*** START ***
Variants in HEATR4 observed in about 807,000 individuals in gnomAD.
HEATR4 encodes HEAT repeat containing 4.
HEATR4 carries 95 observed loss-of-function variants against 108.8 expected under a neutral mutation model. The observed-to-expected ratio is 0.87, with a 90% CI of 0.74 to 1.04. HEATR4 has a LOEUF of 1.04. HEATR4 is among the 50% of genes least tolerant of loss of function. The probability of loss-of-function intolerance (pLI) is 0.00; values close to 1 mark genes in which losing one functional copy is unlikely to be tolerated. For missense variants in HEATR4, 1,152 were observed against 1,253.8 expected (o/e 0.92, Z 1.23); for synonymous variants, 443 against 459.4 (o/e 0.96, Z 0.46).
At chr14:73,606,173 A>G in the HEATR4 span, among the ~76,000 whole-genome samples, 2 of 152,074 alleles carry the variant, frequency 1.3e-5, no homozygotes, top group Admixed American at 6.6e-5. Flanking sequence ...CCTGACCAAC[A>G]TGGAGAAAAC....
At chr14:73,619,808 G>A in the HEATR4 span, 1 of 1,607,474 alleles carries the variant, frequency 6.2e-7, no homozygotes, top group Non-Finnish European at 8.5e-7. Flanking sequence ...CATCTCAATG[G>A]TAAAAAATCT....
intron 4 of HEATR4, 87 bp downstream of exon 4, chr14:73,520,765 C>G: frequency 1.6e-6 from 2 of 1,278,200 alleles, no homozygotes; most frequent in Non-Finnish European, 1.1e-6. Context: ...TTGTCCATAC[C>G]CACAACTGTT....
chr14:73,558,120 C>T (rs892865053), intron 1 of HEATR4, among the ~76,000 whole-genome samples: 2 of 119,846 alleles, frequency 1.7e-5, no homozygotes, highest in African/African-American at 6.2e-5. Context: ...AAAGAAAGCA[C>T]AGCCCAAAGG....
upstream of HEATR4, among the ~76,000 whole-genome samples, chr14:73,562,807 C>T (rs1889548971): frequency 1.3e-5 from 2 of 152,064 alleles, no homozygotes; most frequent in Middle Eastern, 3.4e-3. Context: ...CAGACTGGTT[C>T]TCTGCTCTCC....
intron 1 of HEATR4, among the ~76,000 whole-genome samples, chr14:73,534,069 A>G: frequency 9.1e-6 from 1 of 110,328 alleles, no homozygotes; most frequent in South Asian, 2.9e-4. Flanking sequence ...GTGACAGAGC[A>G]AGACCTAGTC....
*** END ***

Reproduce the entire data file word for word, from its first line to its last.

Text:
Variants in HEATR4 observed in about 807,000 individuals in gnomAD.
HEATR4 encodes HEAT repeat containing 4.
HEATR4 carries 95 observed loss-of-function variants against 108.8 expected under a neutral mutation model. The observed-to-expected ratio is 0.87, with a 90% CI of 0.74 to 1.04. HEATR4 has a LOEUF of 1.04. HEATR4 is among the 50% of genes least tolerant of loss of function. The probability of loss-of-function intolerance (pLI) is 0.00; values close to 1 mark genes in which losing one functional copy is unlikely to be tolerated. For missense variants in HEATR4, 1,152 were observed against 1,253.8 expected (o/e 0.92, Z 1.23); for synonymous variants, 443 against 459.4 (o/e 0.96, Z 0.46).
At chr14:73,606,173 A>G in the HEATR4 span, among the ~76,000 whole-genome samples, 2 of 152,074 alleles carry the variant, frequency 1.3e-5, no homozygotes, top group Admixed American at 6.6e-5. Flanking sequence ...CCTGACCAAC[A>G]TGGAGAAAAC....
At chr14:73,619,808 G>A in the HEATR4 span, 1 of 1,607,474 alleles carries the variant, frequency 6.2e-7, no homozygotes, top group Non-Finnish European at 8.5e-7. Flanking sequence ...CATCTCAATG[G>A]TAAAAAATCT....
intron 4 of HEATR4, 87 bp downstream of exon 4, chr14:73,520,765 C>G: frequency 1.6e-6 from 2 of 1,278,200 alleles, no homozygotes; most frequent in Non-Finnish European, 1.1e-6. Context: ...TTGTCCATAC[C>G]CACAACTGTT....
chr14:73,558,120 C>T (rs892865053), intron 1 of HEATR4, among the ~76,000 whole-genome samples: 2 of 119,846 alleles, frequency 1.7e-5, no homozygotes, highest in African/African-American at 6.2e-5. Context: ...AAAGAAAGCA[C>T]AGCCCAAAGG....
upstream of HEATR4, among the ~76,000 whole-genome samples, chr14:73,562,807 C>T (rs1889548971): frequency 1.3e-5 from 2 of 152,064 alleles, no homozygotes; most frequent in Middle Eastern, 3.4e-3. Context: ...CAGACTGGTT[C>T]TCTGCTCTCC....
intron 1 of HEATR4, among the ~76,000 whole-genome samples, chr14:73,534,069 A>G: frequency 9.1e-6 from 1 of 110,328 alleles, no homozygotes; most frequent in South Asian, 2.9e-4. Flanking sequence ...GTGACAGAGC[A>G]AGACCTAGTC....